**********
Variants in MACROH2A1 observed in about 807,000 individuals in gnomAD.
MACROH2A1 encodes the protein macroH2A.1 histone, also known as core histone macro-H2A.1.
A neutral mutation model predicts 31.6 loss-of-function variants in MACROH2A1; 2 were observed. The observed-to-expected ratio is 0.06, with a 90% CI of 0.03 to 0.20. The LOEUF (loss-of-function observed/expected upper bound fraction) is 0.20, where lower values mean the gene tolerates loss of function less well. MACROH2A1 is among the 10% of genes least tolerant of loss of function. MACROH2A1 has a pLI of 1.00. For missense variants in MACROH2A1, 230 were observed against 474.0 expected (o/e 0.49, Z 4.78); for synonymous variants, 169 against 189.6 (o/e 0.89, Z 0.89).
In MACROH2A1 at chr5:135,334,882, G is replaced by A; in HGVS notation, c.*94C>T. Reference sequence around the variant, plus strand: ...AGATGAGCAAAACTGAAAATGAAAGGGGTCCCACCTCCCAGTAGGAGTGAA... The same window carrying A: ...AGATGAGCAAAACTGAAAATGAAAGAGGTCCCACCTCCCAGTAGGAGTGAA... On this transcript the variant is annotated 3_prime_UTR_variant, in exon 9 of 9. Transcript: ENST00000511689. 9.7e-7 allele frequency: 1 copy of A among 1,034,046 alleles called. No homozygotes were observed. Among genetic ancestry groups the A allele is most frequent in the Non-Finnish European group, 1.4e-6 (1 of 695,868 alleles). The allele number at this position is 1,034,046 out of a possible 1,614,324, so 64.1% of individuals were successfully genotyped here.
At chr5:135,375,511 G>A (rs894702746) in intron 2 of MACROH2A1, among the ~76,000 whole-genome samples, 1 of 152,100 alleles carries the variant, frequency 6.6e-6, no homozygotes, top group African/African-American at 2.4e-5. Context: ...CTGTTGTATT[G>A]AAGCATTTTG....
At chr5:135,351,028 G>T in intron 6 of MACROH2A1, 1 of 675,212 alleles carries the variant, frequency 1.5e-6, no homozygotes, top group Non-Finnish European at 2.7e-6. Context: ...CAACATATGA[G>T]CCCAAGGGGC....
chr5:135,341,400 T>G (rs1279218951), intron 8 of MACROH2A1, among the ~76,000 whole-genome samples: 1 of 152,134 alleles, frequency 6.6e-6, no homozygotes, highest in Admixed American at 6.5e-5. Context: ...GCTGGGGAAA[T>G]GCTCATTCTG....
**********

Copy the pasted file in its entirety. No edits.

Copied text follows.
Variants in MACROH2A1 observed in about 807,000 individuals in gnomAD.
MACROH2A1 encodes the protein macroH2A.1 histone, also known as core histone macro-H2A.1.
A neutral mutation model predicts 31.6 loss-of-function variants in MACROH2A1; 2 were observed. The observed-to-expected ratio is 0.06, with a 90% CI of 0.03 to 0.20. The LOEUF (loss-of-function observed/expected upper bound fraction) is 0.20, where lower values mean the gene tolerates loss of function less well. MACROH2A1 is among the 10% of genes least tolerant of loss of function. MACROH2A1 has a pLI of 1.00. For missense variants in MACROH2A1, 230 were observed against 474.0 expected (o/e 0.49, Z 4.78); for synonymous variants, 169 against 189.6 (o/e 0.89, Z 0.89).
In MACROH2A1 at chr5:135,334,882, G is replaced by A; in HGVS notation, c.*94C>T. Reference sequence around the variant, plus strand: ...AGATGAGCAAAACTGAAAATGAAAGGGGTCCCACCTCCCAGTAGGAGTGAA... The same window carrying A: ...AGATGAGCAAAACTGAAAATGAAAGAGGTCCCACCTCCCAGTAGGAGTGAA... On this transcript the variant is annotated 3_prime_UTR_variant, in exon 9 of 9. Transcript: ENST00000511689. 9.7e-7 allele frequency: 1 copy of A among 1,034,046 alleles called. No homozygotes were observed. Among genetic ancestry groups the A allele is most frequent in the Non-Finnish European group, 1.4e-6 (1 of 695,868 alleles). The allele number at this position is 1,034,046 out of a possible 1,614,324, so 64.1% of individuals were successfully genotyped here.
At chr5:135,375,511 G>A (rs894702746) in intron 2 of MACROH2A1, among the ~76,000 whole-genome samples, 1 of 152,100 alleles carries the variant, frequency 6.6e-6, no homozygotes, top group African/African-American at 2.4e-5. Context: ...CTGTTGTATT[G>A]AAGCATTTTG....
At chr5:135,351,028 G>T in intron 6 of MACROH2A1, 1 of 675,212 alleles carries the variant, frequency 1.5e-6, no homozygotes, top group Non-Finnish European at 2.7e-6. Context: ...CAACATATGA[G>T]CCCAAGGGGC....
chr5:135,341,400 T>G (rs1279218951), intron 8 of MACROH2A1, among the ~76,000 whole-genome samples: 1 of 152,134 alleles, frequency 6.6e-6, no homozygotes, highest in Admixed American at 6.5e-5. Context: ...GCTGGGGAAA[T>G]GCTCATTCTG....